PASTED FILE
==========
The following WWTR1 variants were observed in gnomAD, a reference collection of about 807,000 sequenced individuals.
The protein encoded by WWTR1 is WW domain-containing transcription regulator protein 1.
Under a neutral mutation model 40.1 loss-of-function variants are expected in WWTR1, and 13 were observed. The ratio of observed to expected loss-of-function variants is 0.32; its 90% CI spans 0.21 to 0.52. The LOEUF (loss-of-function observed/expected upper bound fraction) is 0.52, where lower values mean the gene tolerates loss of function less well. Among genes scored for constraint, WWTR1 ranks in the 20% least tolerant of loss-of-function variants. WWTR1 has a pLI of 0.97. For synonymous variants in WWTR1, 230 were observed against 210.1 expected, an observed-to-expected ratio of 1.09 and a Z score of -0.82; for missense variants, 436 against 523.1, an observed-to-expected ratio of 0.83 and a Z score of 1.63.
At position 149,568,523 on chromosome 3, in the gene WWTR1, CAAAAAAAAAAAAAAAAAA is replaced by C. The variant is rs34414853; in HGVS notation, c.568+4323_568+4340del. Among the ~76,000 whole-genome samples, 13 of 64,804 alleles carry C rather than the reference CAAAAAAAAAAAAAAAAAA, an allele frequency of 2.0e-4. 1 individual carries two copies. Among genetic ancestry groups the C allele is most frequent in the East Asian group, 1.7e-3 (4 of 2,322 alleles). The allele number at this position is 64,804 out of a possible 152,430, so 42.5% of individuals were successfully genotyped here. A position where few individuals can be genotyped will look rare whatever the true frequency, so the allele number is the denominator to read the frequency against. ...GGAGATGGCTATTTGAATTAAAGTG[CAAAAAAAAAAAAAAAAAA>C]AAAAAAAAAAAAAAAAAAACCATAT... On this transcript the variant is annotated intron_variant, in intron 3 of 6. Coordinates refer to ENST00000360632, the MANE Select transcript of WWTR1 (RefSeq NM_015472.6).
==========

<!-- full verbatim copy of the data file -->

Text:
The following WWTR1 variants were observed in gnomAD, a reference collection of about 807,000 sequenced individuals.
The protein encoded by WWTR1 is WW domain-containing transcription regulator protein 1.
Under a neutral mutation model 40.1 loss-of-function variants are expected in WWTR1, and 13 were observed. The ratio of observed to expected loss-of-function variants is 0.32; its 90% CI spans 0.21 to 0.52. The LOEUF (loss-of-function observed/expected upper bound fraction) is 0.52, where lower values mean the gene tolerates loss of function less well. Among genes scored for constraint, WWTR1 ranks in the 20% least tolerant of loss-of-function variants. WWTR1 has a pLI of 0.97. For synonymous variants in WWTR1, 230 were observed against 210.1 expected, an observed-to-expected ratio of 1.09 and a Z score of -0.82; for missense variants, 436 against 523.1, an observed-to-expected ratio of 0.83 and a Z score of 1.63.
At position 149,568,523 on chromosome 3, in the gene WWTR1, CAAAAAAAAAAAAAAAAAA is replaced by C. The variant is rs34414853; in HGVS notation, c.568+4323_568+4340del. Among the ~76,000 whole-genome samples, 13 of 64,804 alleles carry C rather than the reference CAAAAAAAAAAAAAAAAAA, an allele frequency of 2.0e-4. 1 individual carries two copies. Among genetic ancestry groups the C allele is most frequent in the East Asian group, 1.7e-3 (4 of 2,322 alleles). The allele number at this position is 64,804 out of a possible 152,430, so 42.5% of individuals were successfully genotyped here. A position where few individuals can be genotyped will look rare whatever the true frequency, so the allele number is the denominator to read the frequency against. ...GGAGATGGCTATTTGAATTAAAGTG[CAAAAAAAAAAAAAAAAAA>C]AAAAAAAAAAAAAAAAAAACCATAT... On this transcript the variant is annotated intron_variant, in intron 3 of 6. Coordinates refer to ENST00000360632, the MANE Select transcript of WWTR1 (RefSeq NM_015472.6).